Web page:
Trump Supporters Stormed US Capitol, 4 Died, 2 Officials Resigned and Many Considering Resigning
The US has witnessed a tragic event on Wednesday; an event that didn’t just built chaos but drew shock around the world. Supporters of US President Donald Trump breached the Capitol building in Washington DC on Wednesday in an attempt to stop the US Congress from ratifying the Electoral College vote that would officially confirm Joe Biden’s victory over Donald Trump. Not just that but, Trump supporters created chaos that resulted in rioting and violence, forcing world leaders to condemn the ugly scenes. The situation went out of control and caused the death of four people, including one woman who was shot by a police officer.
According to the report, supporters of Donald Trump swarmed inside the building amid the session of Congress to certify Joe Biden’s election win, which triggered unprecedented chaos and violence at the heart of American democracy and accusations the outgoing president was attempting a coup.
In a late-night news conference, Metropolitan Police Department Chief Robert J Contee said that 52 were arrested over the violence that saw pro-Trump rioters breaking windows, climbing on rafters, ripping down US flags and roaming the Senate chamber. Lawmakers were told to grab gas masks as police deployed tear gas inside the Rotunda, the ornate area under the dome that connects the House and the Senate, according to the Washington Post. Both the House and Senate and the entire Capitol were placed under a lockdown. Vice President Mike Pence and lawmakers were evacuated to safe locations.
Security forces fired tear gas in a four-hour operation to clear the Capitol. Vowing not to be deterred, lawmakers resumed business after dark and voted down the first challenge to Biden’s win. The chaos at the Capitol came a day after Biden enjoyed a new triumph, with his Democrats projected to win two Senate seats in runoffs in Georgia -- handing the party full control of Congress and dramatically increasing Biden’s ability to pass legislation, starting with new COVID-19 relief.
Following this tragic event, major social media organizations have taken steps towards Trump’s social media activities. Social media platform, Twitter has locked President Donald Trump’s account, ans has specifically removed three tweets and in their place are tags reading “This Tweet is no longer available.” The platform has decided to keep Trump’s account locked, and re-open after 12 hours of removing the tweets. If he does not, the account will remain locked, according to Twitter, and the platform will permanently suspend him upon future violations.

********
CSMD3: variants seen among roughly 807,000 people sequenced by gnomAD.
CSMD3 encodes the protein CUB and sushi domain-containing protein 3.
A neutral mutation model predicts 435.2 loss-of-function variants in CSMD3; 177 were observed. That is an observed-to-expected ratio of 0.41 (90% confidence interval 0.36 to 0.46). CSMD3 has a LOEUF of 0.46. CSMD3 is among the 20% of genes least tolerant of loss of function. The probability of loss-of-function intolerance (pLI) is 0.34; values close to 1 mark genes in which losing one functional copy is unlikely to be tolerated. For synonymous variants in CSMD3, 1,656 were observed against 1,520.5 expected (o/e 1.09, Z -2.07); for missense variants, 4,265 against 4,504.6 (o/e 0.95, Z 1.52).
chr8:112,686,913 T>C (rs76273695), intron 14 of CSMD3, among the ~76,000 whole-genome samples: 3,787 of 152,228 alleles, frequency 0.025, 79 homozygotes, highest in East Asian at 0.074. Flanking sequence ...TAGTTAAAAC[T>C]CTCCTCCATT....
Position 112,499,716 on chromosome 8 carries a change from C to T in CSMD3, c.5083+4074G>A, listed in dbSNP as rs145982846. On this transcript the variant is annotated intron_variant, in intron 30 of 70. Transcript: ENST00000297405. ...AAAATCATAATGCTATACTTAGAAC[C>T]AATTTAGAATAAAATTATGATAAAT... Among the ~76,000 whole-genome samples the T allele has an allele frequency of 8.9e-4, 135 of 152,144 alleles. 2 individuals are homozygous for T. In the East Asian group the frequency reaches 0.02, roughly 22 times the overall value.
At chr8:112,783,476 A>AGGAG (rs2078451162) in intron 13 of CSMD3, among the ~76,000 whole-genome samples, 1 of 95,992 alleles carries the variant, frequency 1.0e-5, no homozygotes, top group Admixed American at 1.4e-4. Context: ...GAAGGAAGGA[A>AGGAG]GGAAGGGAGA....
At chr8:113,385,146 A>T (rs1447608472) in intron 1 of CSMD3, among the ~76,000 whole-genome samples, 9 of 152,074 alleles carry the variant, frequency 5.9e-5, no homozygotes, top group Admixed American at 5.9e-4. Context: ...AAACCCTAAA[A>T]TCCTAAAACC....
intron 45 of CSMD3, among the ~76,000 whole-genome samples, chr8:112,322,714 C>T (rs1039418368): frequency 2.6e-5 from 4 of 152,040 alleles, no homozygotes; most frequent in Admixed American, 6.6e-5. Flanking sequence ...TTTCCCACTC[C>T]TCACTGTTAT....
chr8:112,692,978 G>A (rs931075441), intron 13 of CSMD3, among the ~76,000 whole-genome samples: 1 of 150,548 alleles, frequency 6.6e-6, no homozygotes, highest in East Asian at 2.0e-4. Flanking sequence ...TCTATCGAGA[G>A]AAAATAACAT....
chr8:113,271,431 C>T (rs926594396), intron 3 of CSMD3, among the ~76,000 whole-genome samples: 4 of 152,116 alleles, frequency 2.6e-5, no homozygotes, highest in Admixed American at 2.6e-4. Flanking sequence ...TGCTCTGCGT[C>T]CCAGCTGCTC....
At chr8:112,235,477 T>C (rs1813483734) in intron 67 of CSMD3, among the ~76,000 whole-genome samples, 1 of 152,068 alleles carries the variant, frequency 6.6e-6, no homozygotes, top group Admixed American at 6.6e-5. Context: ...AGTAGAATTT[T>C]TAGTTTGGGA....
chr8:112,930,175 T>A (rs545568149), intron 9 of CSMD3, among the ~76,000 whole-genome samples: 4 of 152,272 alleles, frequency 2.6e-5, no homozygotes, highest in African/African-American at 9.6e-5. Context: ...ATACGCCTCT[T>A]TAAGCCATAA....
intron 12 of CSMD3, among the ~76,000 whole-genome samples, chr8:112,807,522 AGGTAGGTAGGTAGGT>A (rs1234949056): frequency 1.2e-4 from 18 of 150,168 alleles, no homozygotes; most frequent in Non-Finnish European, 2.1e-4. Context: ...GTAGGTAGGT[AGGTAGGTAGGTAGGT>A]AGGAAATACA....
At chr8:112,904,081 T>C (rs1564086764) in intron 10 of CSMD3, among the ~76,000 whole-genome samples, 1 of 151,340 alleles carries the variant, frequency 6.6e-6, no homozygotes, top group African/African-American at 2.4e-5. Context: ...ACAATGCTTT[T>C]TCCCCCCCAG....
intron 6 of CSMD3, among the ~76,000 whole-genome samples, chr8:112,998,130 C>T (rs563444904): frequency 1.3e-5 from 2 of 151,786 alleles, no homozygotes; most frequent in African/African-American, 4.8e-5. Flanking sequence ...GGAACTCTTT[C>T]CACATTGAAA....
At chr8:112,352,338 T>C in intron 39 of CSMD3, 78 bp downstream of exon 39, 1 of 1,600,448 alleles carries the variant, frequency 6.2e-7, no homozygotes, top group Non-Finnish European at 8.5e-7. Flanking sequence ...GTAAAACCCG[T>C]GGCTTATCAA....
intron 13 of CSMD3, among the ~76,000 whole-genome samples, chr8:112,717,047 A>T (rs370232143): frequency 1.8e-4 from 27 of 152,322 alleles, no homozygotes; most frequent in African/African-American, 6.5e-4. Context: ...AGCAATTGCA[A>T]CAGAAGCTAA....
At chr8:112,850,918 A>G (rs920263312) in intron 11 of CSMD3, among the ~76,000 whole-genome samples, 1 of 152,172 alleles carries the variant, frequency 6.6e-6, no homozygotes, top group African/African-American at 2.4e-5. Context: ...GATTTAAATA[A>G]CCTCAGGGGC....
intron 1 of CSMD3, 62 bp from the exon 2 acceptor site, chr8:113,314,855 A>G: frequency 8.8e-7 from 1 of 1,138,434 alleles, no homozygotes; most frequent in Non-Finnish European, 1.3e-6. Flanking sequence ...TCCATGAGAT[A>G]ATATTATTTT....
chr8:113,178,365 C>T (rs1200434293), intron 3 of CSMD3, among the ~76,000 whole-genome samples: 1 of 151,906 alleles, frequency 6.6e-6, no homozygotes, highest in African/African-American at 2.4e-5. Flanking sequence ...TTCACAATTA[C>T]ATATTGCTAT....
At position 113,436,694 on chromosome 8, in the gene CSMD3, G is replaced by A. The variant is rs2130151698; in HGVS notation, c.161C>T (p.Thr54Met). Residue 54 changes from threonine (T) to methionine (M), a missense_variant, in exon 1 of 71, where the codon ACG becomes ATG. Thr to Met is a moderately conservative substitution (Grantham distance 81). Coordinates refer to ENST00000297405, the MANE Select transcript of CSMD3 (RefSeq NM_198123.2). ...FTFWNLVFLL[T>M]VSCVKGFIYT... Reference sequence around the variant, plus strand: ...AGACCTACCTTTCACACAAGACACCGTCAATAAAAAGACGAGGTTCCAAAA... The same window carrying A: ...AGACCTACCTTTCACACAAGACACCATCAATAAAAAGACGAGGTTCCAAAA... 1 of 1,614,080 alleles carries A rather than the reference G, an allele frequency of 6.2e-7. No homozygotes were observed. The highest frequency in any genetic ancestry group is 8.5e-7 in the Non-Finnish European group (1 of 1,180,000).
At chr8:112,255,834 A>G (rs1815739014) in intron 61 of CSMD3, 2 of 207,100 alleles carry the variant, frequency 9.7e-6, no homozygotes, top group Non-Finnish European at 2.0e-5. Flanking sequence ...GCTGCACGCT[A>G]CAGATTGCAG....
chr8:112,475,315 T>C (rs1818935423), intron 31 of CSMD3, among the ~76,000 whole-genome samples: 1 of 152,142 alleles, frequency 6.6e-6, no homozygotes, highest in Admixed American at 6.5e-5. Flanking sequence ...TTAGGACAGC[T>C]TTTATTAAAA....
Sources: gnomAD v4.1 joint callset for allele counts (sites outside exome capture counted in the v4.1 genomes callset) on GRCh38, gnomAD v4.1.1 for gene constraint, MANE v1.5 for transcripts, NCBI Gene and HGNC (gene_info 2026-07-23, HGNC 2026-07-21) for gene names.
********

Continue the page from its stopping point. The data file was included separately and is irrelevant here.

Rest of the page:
While the supporters were waging a violent insurrection on the US Capitol, Trump took to social media to continue spewing baseless claims of election fraud that incited his supporters in the first place. A recorded video of Trump was released in which he said “go home, we love you, you are very special.” Trump declared that he won in a ‘landslide’. Though Twitter removed the videos almost immediately, and shortly after that, banned Trump’s account. Facebook weighed its own response, and the social media organization was also busy censoring employees who were discussing internally whether the company should ban Trump from their platform permanently. Within an hour of employees posting to the messaging boards, Facebook administrators - without explanation blocked comments on at least three threads discussing possibly kicking Trump off the platform.
Two top aides to first lady Melania Trump resigned in the wake of violence on Capitol Hill, and more top White House officials were considering resigning, including national security adviser Robert O'Brien and his deputy, Matthew Pottinger. Stephanie Grisham resigned as chief of staff to the First Lady. The White House social secretary, Rickie Niceta, also resigned, as did a deputy White House press secretary, Sarah Matthews. O'Brien was also considering resigning, as was Pottinger, the deputy national security adviser who has been a key voice on China policy within the administration.
This is possibly for the first time in the recent history that such a large number of people have breached into the Capitol and disrupted the constitutional provisions. Congress had certified just 12 votes before the riots broke out. All 12 of those votes went to President Trump. There are 538 electoral votes in total.
Former Republican president George W Bush, Senator Ted Cruz, Senator Mitt Romney and Congressman Steve Womack have condemned the attack on Capitol. Acting Attorney General Jeffrey A. Rosen called the violence at the US Capitol “an intolerable attack on a fundamental institution of our democracy”.